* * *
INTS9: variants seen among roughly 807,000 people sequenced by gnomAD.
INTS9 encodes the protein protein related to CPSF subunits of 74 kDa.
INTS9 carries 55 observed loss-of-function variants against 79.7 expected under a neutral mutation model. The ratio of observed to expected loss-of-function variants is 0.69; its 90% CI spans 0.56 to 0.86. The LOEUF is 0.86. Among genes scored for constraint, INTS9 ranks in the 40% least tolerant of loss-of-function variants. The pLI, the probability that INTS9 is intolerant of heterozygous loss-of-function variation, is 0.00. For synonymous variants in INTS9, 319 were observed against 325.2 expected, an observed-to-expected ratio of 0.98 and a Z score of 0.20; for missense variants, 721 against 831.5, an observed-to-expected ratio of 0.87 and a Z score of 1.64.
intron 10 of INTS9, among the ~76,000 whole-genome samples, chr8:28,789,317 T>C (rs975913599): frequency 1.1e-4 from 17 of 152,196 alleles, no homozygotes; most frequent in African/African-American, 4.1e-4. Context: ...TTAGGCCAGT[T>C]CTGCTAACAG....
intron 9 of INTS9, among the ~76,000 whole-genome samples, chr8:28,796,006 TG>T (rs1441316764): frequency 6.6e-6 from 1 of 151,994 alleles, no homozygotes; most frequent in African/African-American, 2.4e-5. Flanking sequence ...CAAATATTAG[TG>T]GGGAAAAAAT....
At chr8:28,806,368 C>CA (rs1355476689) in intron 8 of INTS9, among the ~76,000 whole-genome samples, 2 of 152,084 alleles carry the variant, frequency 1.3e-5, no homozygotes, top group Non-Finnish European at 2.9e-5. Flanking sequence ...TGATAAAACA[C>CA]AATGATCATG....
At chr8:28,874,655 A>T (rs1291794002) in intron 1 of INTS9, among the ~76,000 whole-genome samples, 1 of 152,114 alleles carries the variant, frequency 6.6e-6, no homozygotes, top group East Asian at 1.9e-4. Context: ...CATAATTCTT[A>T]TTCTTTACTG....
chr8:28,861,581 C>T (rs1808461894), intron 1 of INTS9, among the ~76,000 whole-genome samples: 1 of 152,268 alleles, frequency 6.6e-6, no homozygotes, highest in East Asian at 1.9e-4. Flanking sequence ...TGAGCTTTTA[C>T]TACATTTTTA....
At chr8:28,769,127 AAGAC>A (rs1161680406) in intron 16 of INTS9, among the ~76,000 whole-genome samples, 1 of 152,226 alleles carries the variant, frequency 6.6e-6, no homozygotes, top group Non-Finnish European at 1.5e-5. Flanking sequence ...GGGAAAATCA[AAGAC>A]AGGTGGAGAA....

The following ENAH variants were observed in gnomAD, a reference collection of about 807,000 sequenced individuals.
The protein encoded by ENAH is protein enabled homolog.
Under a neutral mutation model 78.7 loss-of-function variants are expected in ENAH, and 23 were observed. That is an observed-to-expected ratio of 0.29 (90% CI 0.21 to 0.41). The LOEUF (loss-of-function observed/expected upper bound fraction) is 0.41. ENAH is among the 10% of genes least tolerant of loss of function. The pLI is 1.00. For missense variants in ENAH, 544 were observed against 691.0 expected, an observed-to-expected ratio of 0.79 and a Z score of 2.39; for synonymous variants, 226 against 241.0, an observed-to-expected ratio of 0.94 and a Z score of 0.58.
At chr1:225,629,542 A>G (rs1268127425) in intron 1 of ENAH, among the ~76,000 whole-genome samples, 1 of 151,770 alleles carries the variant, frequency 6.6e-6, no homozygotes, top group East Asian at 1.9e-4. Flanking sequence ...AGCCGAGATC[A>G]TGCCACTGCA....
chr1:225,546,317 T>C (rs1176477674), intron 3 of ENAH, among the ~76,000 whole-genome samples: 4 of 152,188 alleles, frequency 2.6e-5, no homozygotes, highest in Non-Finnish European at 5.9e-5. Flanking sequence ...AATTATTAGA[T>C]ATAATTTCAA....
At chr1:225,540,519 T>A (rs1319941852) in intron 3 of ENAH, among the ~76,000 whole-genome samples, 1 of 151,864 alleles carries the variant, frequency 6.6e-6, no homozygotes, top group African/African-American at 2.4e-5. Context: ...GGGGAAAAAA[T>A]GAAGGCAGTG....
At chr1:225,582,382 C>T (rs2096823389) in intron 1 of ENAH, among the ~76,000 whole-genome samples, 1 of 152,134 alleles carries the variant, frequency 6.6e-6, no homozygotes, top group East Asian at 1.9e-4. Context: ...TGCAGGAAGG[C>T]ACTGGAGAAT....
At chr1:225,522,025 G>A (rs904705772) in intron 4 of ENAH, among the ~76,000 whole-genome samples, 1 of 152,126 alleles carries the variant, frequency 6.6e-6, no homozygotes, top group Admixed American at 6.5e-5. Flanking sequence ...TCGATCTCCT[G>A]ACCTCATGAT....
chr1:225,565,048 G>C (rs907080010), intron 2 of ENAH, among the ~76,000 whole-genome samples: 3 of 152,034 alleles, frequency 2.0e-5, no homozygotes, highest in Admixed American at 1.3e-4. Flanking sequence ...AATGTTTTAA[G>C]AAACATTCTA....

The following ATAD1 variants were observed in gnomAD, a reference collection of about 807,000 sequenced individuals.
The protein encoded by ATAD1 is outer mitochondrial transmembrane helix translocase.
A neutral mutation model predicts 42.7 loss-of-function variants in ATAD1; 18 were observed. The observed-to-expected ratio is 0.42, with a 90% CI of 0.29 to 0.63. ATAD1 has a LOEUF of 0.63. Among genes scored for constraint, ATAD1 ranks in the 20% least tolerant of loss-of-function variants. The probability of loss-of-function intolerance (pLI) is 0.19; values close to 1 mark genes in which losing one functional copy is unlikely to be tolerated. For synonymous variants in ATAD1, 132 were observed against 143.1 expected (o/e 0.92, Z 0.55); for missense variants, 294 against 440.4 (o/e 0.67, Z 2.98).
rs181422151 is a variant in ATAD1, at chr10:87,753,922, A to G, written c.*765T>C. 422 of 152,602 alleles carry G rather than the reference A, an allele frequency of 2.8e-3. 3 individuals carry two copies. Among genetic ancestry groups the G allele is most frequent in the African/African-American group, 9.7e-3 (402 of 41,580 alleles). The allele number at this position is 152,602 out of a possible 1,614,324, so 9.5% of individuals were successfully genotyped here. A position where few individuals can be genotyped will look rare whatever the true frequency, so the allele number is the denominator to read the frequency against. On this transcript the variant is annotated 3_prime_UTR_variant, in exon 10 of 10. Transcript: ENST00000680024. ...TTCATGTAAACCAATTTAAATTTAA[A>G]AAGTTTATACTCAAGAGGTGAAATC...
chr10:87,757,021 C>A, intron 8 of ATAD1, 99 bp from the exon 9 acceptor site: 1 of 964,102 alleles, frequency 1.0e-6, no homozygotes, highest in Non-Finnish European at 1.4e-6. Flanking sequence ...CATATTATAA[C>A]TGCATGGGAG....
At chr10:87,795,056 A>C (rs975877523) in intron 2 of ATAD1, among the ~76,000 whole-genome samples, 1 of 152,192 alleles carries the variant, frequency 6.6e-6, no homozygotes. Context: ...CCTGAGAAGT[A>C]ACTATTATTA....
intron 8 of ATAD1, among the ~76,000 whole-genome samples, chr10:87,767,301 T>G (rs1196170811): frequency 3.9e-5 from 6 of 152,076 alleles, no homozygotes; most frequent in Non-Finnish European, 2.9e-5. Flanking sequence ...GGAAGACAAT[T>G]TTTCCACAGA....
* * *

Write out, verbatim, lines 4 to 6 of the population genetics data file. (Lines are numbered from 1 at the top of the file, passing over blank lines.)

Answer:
intron 10 of INTS9, among the ~76,000 whole-genome samples, chr8:28,789,317 T>C (rs975913599): frequency 1.1e-4 from 17 of 152,196 alleles, no homozygotes; most frequent in African/African-American, 4.1e-4. Context: ...TTAGGCCAGT[T>C]CTGCTAACAG....
intron 9 of INTS9, among the ~76,000 whole-genome samples, chr8:28,796,006 TG>T (rs1441316764): frequency 6.6e-6 from 1 of 151,994 alleles, no homozygotes; most frequent in African/African-American, 2.4e-5. Flanking sequence ...CAAATATTAG[TG>T]GGGAAAAAAT....
At chr8:28,806,368 C>CA (rs1355476689) in intron 8 of INTS9, among the ~76,000 whole-genome samples, 2 of 152,084 alleles carry the variant, frequency 1.3e-5, no homozygotes, top group Non-Finnish European at 2.9e-5. Flanking sequence ...TGATAAAACA[C>CA]AATGATCATG....